Concept of wormholes is used in The Wild Blue Yonder, a science fiction film by Werner Herzog.

The Mass Relays in the videogame Mass Effect can be perceived as stabilized wormholes that allow for near instantaneous, "faster-than-light" travel from one end to the other.

The Massively Multiplayer Online Game EVE Online utilizes wormholes extensively as they are created in the use of the stargate technology which allows for interstellar travel in the game world. [4]

The Vega Strike first-person space trading and combat simulator features wormholes to travel through star systems. The engine is open-source and has various mods and total conversions which have wormholes too, like Vega Trek, a Vega Strike mod based on the Star Trek universe. Or the Privateer Remake, a remake of Wing Commander: Privateer.

Wormholes also play pivotal roles in science fiction where faster-than-light travel is possible though limited, allowing connections between regions that would be otherwise unreachable within conventional timelines. Several examples appear in the Star Trek franchise, including the Bajoran wormhole in the Deep Space Nine series. In 1979's Star Trek: The Motion Picture the USS Enterprise was trapped in an artificial wormhole caused by an imbalance in the calibration of the ship's warp engines when it first achieved faster-than-light speed. In the Star Trek: Voyager series, the cybernetic species the Borg use what, in the Star Trek universe, are referred to as transwarp conduits, allowing ships to move nearly instantaneously to any part of the galaxy in which an exit apeture exists. Although these conduits are never described as "wormholes", they appear to share several traits in common with them.

The 1979 Disney film The Black Hole's plot centers around a massive black hole, although it makes virtually no use of then-current worm-hole physics, with only one rather desultory mention of an Einstein-Rosen bridge. A trip through the black hole turns theological, abandoning scientific rationale.

In Carl Sagan's novel Contact and subsequent 1997 film starring Jodie Foster and Matthew McConaughey, Foster's character Ellie travels 26 light years through a series of wormholes to the star Vega. The round trip, which to Ellie lasts 18 hours, passes by in a fraction of a second on Earth, making it appear she went nowhere. In her defense, Foster mentions an Einstein-Rosen bridge and tells how she was able to travel faster than light and time. Analysis of the situation by Kip Thorne, on the request of Sagan, is quoted by Thorne as being his original impetus for analyzing the physics of wormholes.

Wormholes play major roles in the television series Farscape, where they are the cause of John Crichton's presence in the far reaches of our own galaxy, and in the Stargate series, where stargates create a stable artificial wormhole where matter is dematerialized, converted into energy, and is sent through to be rematerialized at the other side. In the latter series, the devices were discovered in Egypt by an archeologist, and were built by aliens known as the Ancients or the Alterans. In the science fiction series Sliders, a wormhole (or vortex, as it is usually called in the show) is used to travel between parallel worlds, and one is seen at least once or twice in every episode. In the pilot episode it was referred to as an "Einstein-Rosen-Podolsky bridge".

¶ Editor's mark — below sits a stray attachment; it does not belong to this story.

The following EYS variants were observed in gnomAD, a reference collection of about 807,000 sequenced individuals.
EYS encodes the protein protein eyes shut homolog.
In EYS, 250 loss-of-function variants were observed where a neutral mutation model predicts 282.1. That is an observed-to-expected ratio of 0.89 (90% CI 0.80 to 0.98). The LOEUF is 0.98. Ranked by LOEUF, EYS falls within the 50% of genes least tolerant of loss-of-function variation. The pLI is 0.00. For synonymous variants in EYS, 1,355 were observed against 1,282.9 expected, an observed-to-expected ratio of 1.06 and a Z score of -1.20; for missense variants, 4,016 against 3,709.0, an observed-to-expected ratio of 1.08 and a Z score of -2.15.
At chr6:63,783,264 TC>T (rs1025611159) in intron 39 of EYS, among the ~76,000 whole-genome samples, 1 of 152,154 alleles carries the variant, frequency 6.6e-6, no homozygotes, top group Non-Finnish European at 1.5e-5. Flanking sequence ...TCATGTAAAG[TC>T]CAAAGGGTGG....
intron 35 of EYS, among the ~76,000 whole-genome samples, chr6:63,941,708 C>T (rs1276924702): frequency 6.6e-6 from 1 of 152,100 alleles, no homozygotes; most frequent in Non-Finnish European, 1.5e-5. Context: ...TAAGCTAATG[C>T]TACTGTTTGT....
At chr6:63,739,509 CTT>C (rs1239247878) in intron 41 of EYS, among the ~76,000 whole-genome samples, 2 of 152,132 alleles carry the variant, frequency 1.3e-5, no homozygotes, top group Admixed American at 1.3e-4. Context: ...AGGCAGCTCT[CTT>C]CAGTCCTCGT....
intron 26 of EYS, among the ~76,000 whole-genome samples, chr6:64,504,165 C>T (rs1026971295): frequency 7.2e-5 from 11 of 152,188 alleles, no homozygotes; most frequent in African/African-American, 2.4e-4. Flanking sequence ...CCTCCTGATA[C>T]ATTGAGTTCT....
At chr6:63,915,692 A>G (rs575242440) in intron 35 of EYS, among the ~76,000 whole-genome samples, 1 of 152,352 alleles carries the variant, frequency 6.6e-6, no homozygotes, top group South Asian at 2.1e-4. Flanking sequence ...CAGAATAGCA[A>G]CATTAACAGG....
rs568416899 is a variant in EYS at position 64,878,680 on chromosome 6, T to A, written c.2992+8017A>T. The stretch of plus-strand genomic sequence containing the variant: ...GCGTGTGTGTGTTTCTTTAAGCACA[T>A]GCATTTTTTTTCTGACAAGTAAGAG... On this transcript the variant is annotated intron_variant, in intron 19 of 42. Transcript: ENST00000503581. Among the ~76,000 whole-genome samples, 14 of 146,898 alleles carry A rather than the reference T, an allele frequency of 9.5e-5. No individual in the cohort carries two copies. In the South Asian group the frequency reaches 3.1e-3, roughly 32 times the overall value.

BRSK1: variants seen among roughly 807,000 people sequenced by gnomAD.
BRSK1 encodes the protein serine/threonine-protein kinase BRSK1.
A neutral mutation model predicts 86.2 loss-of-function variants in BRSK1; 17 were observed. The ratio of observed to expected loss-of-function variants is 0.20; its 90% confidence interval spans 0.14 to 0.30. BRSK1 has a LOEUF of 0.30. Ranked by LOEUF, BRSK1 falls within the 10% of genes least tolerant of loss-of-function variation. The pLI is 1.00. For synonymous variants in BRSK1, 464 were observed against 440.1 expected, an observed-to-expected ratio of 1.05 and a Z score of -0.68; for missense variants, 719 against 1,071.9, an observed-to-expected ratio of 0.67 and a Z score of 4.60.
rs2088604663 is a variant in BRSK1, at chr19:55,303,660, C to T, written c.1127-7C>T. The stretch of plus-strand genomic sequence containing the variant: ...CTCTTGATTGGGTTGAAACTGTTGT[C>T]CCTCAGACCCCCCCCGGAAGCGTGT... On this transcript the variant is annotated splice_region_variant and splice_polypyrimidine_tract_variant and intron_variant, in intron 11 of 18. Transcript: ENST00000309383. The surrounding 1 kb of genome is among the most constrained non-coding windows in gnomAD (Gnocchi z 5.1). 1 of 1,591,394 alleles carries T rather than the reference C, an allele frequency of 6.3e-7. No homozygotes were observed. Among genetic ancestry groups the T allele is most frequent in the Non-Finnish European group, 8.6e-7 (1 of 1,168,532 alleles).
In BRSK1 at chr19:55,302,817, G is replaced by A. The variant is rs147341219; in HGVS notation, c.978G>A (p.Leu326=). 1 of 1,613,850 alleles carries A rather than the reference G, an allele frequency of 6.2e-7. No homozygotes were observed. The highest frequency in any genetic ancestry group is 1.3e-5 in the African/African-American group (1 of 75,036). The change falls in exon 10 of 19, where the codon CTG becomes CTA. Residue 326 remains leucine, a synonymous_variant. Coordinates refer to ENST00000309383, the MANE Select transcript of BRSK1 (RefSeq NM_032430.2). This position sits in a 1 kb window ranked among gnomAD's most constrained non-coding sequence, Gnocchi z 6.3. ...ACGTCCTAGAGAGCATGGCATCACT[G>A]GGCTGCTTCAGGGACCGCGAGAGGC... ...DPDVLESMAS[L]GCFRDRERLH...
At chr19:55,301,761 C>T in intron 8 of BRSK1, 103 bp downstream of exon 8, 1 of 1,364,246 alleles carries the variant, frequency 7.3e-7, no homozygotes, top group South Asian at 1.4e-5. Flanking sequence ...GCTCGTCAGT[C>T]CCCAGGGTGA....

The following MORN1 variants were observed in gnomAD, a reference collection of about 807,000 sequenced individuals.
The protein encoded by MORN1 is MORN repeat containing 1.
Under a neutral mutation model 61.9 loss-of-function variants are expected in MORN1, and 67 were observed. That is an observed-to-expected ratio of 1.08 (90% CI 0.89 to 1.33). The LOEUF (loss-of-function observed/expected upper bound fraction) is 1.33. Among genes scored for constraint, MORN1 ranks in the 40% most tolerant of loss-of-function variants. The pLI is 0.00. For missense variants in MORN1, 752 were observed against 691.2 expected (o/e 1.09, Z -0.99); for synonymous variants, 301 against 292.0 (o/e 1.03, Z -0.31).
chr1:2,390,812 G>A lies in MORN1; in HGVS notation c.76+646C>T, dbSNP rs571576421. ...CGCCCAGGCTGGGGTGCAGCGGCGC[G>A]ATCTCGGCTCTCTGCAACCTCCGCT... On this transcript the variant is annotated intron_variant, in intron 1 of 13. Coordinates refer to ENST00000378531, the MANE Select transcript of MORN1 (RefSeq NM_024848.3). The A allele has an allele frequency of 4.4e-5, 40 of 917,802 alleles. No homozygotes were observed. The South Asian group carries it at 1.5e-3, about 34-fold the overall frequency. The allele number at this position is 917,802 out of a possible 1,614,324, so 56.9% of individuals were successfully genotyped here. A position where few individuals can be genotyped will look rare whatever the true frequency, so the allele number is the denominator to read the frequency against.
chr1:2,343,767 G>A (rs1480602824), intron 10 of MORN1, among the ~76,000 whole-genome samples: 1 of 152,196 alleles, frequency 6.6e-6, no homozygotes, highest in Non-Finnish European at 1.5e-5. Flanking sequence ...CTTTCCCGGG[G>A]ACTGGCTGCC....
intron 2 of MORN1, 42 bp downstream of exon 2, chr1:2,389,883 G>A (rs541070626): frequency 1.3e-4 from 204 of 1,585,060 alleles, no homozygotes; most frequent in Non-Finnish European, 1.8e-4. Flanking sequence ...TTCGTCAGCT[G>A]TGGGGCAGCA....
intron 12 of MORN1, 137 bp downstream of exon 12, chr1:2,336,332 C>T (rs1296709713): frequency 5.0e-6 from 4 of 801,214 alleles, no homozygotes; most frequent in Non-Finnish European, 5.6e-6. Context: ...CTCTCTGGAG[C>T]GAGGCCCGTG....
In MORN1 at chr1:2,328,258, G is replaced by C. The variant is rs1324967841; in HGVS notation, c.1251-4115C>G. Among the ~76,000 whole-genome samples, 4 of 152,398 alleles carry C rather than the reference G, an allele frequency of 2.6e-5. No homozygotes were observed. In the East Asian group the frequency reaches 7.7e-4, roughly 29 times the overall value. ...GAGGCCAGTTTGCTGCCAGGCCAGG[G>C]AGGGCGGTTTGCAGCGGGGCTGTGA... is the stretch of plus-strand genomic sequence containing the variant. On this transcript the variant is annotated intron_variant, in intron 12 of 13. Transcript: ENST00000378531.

The central theme in the movie Donnie Darko revolves around Einstein-Rosen bridges.

It is possible that the Webway technology used by the Eldar of the fictional Warhammer 40,000 could be perceived as wormhole technology.

In Command & Conquer 3 and in its expansion the Scrin faction (an alien lifeform with unknown origins from outer solar system) uses artificial wormholes for military purposes to convey infantry and vehicles behind enemy lines.

In the Invader Zim episode, "A Room with a Moose" Zim utilizes a wormhole to send his classmates into a parallel universe that consists entirely of a room with a large moose inside it.

The television series Strange Days at Blake Holsey High is about a wormhole the science club found at their school.

In an episode called "wormhole" in the 13th season of the long running American series Power Rangers,called Power Rangers SPD the spd rangers go through a wormhole to team up with the previous team of Power Rangers Dino Thunder from year 2004, after their enemy Emperor Grumm goes through one.

In the video game "Supreme Commander" the UEF faction utilises aether-gates for long distance military strikes.

In the video game "Spore", the player can travel through various black holes, which act as wormholes for the player to go to its counterpart located usually on the other side of the galaxy; something that would take much longer to do by flying there manually.

In the 1995-1996 FOX military science fiction series SPACE: Above and Beyond, during the first several episodes, the United Earth Force travel through wormholes, called the "Kali Region" or "Galileo Region" to arrive at exo-solar destinations. This idea is abandoned after the second episode.

In the movie Race to Witch Mountain the 2 aliens from a planet which is 3000 light years away from Earth use wormholes to travel to Earth.

In the 2009 Doctor Who Easter special, Planet of the Dead, the Doctor and a group of passengers aboard a double-decker bus are transported to an alien world via a wormhole.

See also Edit

NotesEdit

  1. Coleman, Korte, Hermann Weyl's Raum - Zeit - Materie and a General Introduction to His Scientific Work, p. 199
  2. John G. Cramer, Robert L. Forward, Michael S. Morris, Matt Visser, Gregory Benford, and Geoffrey A. Landis, "Natural Wormholes as Gravitational Lenses," Phys. Rev. D51 (1995) 3117-3120
  3. 3.0 3.1 M. Morris, K. Thorne, and U. Yurtsever, Wormholes, Time Machines, and the Weak Energy Condition, Physical Review, 61, 13, September 1988, pp. 1446 - 1449
  4. http://www.eveonline.com/background/jump/jump_03.asp

ReferencesEdit

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External links Edit